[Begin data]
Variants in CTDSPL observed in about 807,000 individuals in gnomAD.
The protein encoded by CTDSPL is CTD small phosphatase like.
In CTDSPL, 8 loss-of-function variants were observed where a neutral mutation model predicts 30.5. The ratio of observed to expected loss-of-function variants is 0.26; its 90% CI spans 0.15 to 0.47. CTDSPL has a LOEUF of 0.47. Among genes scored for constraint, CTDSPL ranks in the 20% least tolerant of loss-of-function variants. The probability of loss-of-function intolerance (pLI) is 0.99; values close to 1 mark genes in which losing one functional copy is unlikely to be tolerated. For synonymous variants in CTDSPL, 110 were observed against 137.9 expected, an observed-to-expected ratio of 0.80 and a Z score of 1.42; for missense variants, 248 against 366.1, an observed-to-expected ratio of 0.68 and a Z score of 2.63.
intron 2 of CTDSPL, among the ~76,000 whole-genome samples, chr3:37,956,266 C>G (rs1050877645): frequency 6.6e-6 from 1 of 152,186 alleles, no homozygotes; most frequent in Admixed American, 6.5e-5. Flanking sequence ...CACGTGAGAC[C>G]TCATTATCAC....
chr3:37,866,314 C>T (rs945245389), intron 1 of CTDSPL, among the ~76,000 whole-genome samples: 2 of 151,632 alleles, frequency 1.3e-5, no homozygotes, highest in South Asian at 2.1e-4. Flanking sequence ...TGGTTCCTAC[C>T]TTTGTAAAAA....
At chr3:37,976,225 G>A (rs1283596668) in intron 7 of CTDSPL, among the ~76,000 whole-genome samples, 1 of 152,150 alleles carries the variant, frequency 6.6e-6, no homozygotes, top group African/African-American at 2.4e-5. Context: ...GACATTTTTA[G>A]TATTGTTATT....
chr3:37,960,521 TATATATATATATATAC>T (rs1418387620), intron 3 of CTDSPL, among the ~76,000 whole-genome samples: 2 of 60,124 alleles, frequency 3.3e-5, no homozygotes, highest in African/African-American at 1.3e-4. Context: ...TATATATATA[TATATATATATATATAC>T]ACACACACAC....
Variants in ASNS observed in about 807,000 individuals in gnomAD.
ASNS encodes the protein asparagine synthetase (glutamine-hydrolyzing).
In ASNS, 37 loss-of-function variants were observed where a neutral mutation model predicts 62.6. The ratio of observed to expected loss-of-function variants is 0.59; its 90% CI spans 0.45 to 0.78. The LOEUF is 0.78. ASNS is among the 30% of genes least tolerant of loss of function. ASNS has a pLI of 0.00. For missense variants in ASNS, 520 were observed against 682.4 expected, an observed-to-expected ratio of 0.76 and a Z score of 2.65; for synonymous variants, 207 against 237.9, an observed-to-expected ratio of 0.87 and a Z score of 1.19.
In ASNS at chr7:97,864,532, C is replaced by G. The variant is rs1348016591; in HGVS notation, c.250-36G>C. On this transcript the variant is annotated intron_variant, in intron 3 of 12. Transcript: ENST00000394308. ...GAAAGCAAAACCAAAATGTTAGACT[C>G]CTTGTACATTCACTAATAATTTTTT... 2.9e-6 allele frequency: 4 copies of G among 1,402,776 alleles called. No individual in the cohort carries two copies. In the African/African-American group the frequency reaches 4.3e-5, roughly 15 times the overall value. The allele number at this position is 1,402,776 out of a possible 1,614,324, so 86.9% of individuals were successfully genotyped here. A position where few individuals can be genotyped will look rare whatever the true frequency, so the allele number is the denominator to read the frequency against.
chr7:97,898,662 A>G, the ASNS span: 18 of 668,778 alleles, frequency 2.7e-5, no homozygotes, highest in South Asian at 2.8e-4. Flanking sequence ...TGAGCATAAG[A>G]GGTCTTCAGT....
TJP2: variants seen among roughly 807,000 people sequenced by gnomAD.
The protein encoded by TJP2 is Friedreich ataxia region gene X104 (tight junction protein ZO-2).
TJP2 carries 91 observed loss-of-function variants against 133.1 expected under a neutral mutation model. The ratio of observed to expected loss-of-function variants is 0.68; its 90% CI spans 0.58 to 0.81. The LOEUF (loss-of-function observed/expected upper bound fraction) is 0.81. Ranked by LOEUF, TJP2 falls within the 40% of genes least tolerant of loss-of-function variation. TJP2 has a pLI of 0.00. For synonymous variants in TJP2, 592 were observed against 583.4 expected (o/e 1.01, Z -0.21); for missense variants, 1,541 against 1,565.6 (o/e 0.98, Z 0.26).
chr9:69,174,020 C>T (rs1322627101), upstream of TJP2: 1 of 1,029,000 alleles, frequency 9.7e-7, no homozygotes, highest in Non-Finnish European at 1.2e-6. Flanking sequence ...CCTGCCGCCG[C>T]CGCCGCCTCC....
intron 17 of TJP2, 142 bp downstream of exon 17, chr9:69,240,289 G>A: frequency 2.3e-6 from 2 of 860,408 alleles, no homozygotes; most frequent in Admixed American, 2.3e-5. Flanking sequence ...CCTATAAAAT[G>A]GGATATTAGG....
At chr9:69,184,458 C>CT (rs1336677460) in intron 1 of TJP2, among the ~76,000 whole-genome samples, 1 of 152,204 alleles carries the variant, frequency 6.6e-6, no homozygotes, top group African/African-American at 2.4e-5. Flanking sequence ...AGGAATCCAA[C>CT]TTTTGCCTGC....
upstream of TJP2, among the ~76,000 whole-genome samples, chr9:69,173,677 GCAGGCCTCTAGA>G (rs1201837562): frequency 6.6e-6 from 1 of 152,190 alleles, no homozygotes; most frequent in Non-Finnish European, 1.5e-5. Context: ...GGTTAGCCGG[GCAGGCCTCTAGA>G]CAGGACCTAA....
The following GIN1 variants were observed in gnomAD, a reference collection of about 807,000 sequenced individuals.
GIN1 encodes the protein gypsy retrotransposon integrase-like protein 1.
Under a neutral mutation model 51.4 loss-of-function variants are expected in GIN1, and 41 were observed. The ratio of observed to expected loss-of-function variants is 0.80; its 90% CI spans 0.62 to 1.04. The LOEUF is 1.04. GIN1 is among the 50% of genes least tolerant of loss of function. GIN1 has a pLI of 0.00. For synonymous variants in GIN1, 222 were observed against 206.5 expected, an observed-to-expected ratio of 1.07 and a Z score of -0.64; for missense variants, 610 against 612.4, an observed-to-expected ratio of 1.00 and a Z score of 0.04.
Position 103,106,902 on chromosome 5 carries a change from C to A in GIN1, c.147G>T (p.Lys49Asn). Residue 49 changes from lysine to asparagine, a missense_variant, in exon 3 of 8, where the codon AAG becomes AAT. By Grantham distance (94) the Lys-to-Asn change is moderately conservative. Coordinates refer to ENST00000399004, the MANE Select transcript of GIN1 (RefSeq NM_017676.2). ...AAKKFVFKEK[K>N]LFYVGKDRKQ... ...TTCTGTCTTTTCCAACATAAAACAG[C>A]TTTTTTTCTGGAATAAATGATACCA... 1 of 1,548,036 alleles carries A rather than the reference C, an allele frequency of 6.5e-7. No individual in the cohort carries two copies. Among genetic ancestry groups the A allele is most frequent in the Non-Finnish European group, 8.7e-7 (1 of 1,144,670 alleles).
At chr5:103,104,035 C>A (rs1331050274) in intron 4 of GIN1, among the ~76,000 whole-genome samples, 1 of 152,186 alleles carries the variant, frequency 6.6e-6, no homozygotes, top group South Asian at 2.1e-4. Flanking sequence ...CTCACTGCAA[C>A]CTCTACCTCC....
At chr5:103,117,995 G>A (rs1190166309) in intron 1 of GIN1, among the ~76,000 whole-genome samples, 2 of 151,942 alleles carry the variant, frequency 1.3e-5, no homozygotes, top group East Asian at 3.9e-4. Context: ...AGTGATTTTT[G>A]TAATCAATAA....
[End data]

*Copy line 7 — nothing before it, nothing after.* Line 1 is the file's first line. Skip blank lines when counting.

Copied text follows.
chr3:37,960,521 TATATATATATATATAC>T (rs1418387620), intron 3 of CTDSPL, among the ~76,000 whole-genome samples: 2 of 60,124 alleles, frequency 3.3e-5, no homozygotes, highest in African/African-American at 1.3e-4. Context: ...TATATATATA[TATATATATATATATAC>T]ACACACACAC....